[Nagiosplug-devel] Auxiliary files required by plugins and other questions

Paul L. Allen pla at softflare.com
Tue Jul 19 15:04:00 CEST 2005


Since I can't find a plugin that checks the clamav anti-virus scanner, I'm
in the middle of writing one, and various questions have arisen.  I can't
find answers in the developer guidelines, nor do any of the plugins I'm
familiar with set any precedents that I can copy.  Since I don't want to
set precedents that the plugin development team would disagree with, I
figured I'd better ask for opinions first. 

 The first question arises from the fact that I need an auxiliary file
 and I don't know of any officially-sanctioned place to put it.
 Specifically, I want the eicar test 'virus' so that I can run clamdscan
 on it and check that it is identified as a virus.  So where to put it?
 If the plugin makes it into the standard distribution then configure can
 create a directory for it, such as /usr/local/nagios/share, or
 /opt/nagios/share, or whatever, in a way that accommodates custom and
 practise on various distros.  But until that happens I'd like to know
 where to put the eicar file. 

 My gut feeling is that somewhere in /usr/local/nagios (or whatever the
 equivalent is on some exotic flavours  of *nix) would be best simply
 because the plugin can use a relative path which can be hardcoded rather
 than having to have configure substitute the appropriate absolute path
 which would be needed with /opt/nagios/share (or whatever it is on exotic

 The second question is that, assuming a path relative to
 /usr/local/nagios (or equivalent on some flavours of *nix) is the way to
 go, should it go in an existing sub-directory or a new one?  The utils*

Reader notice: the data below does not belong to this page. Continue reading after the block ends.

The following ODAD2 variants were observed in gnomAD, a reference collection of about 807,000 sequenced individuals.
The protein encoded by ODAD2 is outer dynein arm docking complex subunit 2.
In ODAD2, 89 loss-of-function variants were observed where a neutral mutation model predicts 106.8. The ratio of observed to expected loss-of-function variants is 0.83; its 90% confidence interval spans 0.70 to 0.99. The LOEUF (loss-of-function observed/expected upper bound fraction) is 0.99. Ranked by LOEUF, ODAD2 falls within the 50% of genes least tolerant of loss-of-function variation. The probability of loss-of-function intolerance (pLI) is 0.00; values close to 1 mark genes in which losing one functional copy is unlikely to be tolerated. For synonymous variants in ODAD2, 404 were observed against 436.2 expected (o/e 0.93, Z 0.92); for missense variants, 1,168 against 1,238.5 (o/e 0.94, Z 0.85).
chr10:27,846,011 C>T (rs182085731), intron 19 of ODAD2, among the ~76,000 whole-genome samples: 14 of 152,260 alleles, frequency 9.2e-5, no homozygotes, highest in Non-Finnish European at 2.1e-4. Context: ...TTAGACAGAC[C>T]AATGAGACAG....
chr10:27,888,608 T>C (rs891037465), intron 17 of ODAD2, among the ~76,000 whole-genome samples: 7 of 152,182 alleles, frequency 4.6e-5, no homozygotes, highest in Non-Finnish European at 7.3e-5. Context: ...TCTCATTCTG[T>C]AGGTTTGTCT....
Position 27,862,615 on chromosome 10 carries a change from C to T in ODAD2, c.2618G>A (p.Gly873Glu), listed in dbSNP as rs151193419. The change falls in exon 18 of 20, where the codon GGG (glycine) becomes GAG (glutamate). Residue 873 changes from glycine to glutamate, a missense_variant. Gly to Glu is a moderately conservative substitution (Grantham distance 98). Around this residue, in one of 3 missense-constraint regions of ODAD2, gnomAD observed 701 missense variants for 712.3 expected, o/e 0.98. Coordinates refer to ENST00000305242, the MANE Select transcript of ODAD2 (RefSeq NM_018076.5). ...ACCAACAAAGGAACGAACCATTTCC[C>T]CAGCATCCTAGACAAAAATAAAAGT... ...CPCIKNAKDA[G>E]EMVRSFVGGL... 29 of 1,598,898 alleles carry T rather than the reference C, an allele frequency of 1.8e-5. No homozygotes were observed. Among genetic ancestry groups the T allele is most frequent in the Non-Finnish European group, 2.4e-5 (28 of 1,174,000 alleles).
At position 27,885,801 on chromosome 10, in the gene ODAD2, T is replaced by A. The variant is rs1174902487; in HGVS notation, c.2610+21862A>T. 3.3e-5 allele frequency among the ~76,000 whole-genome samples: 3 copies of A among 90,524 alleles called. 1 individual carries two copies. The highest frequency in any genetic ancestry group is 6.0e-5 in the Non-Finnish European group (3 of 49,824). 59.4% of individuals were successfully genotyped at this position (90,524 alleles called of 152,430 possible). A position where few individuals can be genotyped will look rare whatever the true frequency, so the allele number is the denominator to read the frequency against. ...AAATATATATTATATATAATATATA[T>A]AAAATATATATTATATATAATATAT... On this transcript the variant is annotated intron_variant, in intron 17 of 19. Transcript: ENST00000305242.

stuff lives in libexec, but those files are common to many plugins.  I'm
 not sure I like the idea of polluting libexec with files that are
 specific to one plugin.  The share directory seems like a better choice,
 but the share directory is used essentially for nagios static html.  If
 we go down that route I'd suggest share/plugins would be better than
 polluting the share directory directly, but that requires changes to
 configure (if my plugin makes it into the standard distribution) or
 manual directory creation (if my plugin ends up in contrib or on

 So far this is the only plugin or plugin-to-be that I know of that
 requires something like this, but I'd rather the developers make a de
 jure decision rather than me set a de facto precedent.  "Shove it in
 libexec" or "we'll have configure create a share/plugins sub-dir if
 needed" or "shove it here" or "$%#! off" are the alternative answers.
 Decide amongst yourselves and let me know. 

 The third question is not relevant to my check_clamav plugin-to-be but
 I can see that the question might arise in the future and it is related
 to my previous questions.  What if a plugin needs some sort of
 configuration file?  What I'm thinking of is a plugin that requires
 multiple options for each host it checks, so many options that it's
 impractical to specify them individually in service definitions, so that
 the plugin refers to the config file and uses host X service Y to pick up
 the required info.  We pretty much have this situation with one of the
 contributed MS SQL checks which uses freetds - you specify a server in
 the check and freetds looks up the details of the server.  If this were
 converted to some sort of native check then for people checking many
 servers it would be sensible to have a configuration file similar to the
 freetds one.